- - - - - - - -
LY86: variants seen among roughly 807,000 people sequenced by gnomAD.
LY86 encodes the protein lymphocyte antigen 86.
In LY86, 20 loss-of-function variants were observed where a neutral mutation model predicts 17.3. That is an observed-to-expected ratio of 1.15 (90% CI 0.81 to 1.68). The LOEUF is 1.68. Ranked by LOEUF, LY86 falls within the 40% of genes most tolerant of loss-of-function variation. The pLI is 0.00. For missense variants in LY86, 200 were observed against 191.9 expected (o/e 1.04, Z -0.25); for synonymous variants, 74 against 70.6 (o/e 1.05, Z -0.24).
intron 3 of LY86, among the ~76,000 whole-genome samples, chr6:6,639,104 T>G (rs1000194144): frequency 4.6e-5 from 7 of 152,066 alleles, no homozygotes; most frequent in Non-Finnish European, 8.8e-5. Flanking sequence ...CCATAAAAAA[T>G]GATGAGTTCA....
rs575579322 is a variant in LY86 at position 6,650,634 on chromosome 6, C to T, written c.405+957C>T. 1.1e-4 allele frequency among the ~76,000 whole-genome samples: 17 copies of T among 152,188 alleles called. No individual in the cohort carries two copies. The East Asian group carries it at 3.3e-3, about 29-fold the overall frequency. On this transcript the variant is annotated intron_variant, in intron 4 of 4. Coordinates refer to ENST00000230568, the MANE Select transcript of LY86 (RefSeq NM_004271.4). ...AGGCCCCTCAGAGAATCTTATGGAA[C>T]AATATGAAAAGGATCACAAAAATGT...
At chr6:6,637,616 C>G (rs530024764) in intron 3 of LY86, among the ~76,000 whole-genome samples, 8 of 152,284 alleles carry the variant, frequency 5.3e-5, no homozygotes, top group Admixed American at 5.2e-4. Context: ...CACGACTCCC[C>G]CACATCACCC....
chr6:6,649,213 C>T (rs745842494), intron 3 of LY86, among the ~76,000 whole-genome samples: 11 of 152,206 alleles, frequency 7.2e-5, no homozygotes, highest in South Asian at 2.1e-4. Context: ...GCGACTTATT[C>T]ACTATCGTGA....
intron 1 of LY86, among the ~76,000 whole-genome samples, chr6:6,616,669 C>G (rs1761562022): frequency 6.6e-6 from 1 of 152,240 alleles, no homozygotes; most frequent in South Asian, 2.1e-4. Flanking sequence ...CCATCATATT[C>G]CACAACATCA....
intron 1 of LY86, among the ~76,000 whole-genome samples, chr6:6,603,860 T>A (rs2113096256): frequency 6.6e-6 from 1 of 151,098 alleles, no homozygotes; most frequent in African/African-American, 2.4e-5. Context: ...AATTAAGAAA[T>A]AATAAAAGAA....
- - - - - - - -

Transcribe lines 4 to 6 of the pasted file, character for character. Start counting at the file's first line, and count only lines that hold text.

intron 3 of LY86, among the ~76,000 whole-genome samples, chr6:6,639,104 T>G (rs1000194144): frequency 4.6e-5 from 7 of 152,066 alleles, no homozygotes; most frequent in Non-Finnish European, 8.8e-5. Flanking sequence ...CCATAAAAAA[T>G]GATGAGTTCA....
rs575579322 is a variant in LY86 at position 6,650,634 on chromosome 6, C to T, written c.405+957C>T. 1.1e-4 allele frequency among the ~76,000 whole-genome samples: 17 copies of T among 152,188 alleles called. No individual in the cohort carries two copies. The East Asian group carries it at 3.3e-3, about 29-fold the overall frequency. On this transcript the variant is annotated intron_variant, in intron 4 of 4. Coordinates refer to ENST00000230568, the MANE Select transcript of LY86 (RefSeq NM_004271.4). ...AGGCCCCTCAGAGAATCTTATGGAA[C>T]AATATGAAAAGGATCACAAAAATGT...
At chr6:6,637,616 C>G (rs530024764) in intron 3 of LY86, among the ~76,000 whole-genome samples, 8 of 152,284 alleles carry the variant, frequency 5.3e-5, no homozygotes, top group Admixed American at 5.2e-4. Context: ...CACGACTCCC[C>G]CACATCACCC....